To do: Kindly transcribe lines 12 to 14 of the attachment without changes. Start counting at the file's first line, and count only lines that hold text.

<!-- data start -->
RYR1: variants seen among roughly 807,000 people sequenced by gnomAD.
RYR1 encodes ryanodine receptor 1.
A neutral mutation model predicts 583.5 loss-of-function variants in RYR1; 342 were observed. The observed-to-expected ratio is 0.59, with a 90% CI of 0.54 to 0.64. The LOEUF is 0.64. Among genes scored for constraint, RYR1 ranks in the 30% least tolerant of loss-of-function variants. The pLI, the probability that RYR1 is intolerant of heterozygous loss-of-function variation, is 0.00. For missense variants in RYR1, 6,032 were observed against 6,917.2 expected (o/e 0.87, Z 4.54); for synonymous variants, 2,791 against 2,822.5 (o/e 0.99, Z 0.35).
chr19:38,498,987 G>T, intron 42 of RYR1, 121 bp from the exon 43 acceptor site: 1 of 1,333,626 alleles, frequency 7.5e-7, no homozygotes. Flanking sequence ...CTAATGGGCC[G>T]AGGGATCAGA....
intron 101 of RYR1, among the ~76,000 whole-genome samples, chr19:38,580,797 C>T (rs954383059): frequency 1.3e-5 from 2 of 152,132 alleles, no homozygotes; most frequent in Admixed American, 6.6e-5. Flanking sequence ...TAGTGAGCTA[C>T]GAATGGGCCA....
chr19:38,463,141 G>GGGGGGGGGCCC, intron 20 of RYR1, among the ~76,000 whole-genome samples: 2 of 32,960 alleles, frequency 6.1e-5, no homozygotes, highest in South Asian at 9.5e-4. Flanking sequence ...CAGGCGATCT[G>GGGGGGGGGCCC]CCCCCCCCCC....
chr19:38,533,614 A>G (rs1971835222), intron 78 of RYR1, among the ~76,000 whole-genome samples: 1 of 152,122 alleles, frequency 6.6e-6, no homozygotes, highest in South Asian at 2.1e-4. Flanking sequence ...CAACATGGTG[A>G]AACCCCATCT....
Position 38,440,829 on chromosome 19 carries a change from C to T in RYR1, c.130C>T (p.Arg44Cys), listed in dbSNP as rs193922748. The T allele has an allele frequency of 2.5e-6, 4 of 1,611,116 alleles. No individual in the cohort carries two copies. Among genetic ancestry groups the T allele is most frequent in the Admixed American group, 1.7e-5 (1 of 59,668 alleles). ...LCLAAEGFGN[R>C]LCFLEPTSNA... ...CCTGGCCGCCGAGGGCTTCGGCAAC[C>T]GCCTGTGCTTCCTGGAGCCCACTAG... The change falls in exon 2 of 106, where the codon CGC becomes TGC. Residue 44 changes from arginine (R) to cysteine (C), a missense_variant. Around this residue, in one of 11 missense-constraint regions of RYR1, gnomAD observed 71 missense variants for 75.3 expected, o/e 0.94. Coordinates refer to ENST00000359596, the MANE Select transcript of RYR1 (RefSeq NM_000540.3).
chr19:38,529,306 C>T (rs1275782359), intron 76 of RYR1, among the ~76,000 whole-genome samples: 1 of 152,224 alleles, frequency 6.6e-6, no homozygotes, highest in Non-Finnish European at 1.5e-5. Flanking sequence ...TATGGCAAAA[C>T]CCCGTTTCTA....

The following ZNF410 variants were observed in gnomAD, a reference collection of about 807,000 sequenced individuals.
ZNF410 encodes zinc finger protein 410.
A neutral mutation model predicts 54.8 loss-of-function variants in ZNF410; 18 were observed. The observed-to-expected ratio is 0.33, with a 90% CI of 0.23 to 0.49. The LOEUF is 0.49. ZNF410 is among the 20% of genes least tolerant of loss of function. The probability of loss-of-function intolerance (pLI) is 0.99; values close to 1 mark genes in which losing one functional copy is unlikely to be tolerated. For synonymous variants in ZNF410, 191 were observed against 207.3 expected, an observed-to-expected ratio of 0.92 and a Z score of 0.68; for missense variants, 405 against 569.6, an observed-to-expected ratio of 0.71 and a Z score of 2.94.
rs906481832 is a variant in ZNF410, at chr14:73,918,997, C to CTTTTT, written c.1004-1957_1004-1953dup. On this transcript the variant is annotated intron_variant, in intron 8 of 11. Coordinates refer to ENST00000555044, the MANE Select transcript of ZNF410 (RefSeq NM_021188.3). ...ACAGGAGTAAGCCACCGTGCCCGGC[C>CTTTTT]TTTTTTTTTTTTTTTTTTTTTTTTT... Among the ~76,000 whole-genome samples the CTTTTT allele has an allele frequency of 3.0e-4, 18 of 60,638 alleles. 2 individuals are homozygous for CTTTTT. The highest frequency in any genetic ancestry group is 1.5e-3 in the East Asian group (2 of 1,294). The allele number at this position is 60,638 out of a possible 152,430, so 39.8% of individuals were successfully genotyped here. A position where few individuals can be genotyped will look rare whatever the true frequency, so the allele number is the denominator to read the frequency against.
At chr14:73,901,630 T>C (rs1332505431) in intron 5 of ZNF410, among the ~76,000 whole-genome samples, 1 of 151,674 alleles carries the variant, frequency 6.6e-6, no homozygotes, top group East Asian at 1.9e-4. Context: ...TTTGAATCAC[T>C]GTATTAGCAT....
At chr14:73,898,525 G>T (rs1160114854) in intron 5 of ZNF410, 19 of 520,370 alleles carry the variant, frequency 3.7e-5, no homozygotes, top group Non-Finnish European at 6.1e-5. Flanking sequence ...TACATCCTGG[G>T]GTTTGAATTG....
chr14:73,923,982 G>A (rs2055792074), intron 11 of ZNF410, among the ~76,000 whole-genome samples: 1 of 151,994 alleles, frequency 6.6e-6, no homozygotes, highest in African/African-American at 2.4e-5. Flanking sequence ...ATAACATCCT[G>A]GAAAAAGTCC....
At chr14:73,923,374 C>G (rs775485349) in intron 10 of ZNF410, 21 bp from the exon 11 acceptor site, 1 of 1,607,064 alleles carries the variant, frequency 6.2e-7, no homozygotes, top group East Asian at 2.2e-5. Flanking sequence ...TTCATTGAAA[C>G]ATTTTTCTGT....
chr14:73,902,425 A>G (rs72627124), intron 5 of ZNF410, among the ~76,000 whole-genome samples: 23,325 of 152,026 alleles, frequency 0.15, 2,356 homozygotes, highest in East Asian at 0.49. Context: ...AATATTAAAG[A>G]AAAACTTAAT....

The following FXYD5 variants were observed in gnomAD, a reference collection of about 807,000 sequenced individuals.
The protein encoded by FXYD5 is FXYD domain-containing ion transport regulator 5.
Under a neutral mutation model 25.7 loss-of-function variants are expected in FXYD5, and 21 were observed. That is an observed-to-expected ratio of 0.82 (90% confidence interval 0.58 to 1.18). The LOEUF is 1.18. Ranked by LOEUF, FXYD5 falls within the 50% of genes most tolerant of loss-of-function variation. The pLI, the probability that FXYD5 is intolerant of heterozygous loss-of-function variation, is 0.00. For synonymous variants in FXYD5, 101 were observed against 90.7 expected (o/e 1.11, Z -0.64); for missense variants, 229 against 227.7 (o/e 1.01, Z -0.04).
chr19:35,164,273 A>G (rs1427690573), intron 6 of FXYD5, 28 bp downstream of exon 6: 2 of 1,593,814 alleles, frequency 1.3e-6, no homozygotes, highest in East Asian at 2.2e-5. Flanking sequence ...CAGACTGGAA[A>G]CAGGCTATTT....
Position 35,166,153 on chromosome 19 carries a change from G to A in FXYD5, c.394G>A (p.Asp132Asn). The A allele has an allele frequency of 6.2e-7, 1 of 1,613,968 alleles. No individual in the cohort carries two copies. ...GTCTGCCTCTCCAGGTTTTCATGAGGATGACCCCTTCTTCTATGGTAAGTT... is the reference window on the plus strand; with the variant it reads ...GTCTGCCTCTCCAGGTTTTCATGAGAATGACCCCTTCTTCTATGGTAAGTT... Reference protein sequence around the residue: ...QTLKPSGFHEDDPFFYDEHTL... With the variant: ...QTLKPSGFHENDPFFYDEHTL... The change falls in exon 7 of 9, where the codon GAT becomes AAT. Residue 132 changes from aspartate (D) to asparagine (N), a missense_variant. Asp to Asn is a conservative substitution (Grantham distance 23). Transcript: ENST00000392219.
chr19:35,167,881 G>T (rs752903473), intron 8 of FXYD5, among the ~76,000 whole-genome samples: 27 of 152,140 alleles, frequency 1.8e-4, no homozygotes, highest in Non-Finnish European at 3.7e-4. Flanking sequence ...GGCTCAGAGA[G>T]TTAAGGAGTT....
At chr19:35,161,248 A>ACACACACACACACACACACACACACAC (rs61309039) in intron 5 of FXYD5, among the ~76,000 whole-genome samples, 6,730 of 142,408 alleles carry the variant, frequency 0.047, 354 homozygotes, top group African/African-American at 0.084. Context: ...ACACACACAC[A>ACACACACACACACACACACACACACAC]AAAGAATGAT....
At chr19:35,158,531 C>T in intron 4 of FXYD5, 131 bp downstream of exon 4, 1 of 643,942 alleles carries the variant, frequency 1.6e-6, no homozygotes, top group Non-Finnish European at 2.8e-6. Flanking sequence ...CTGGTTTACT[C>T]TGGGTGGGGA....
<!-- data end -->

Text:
A neutral mutation model predicts 54.8 loss-of-function variants in ZNF410; 18 were observed. The observed-to-expected ratio is 0.33, with a 90% CI of 0.23 to 0.49. The LOEUF is 0.49. ZNF410 is among the 20% of genes least tolerant of loss of function. The probability of loss-of-function intolerance (pLI) is 0.99; values close to 1 mark genes in which losing one functional copy is unlikely to be tolerated. For synonymous variants in ZNF410, 191 were observed against 207.3 expected, an observed-to-expected ratio of 0.92 and a Z score of 0.68; for missense variants, 405 against 569.6, an observed-to-expected ratio of 0.71 and a Z score of 2.94.
rs906481832 is a variant in ZNF410, at chr14:73,918,997, C to CTTTTT, written c.1004-1957_1004-1953dup. On this transcript the variant is annotated intron_variant, in intron 8 of 11. Coordinates refer to ENST00000555044, the MANE Select transcript of ZNF410 (RefSeq NM_021188.3). ...ACAGGAGTAAGCCACCGTGCCCGGC[C>CTTTTT]TTTTTTTTTTTTTTTTTTTTTTTTT... Among the ~76,000 whole-genome samples the CTTTTT allele has an allele frequency of 3.0e-4, 18 of 60,638 alleles. 2 individuals are homozygous for CTTTTT. The highest frequency in any genetic ancestry group is 1.5e-3 in the East Asian group (2 of 1,294). The allele number at this position is 60,638 out of a possible 152,430, so 39.8% of individuals were successfully genotyped here. A position where few individuals can be genotyped will look rare whatever the true frequency, so the allele number is the denominator to read the frequency against.
At chr14:73,901,630 T>C (rs1332505431) in intron 5 of ZNF410, among the ~76,000 whole-genome samples, 1 of 151,674 alleles carries the variant, frequency 6.6e-6, no homozygotes, top group East Asian at 1.9e-4. Context: ...TTTGAATCAC[T>C]GTATTAGCAT....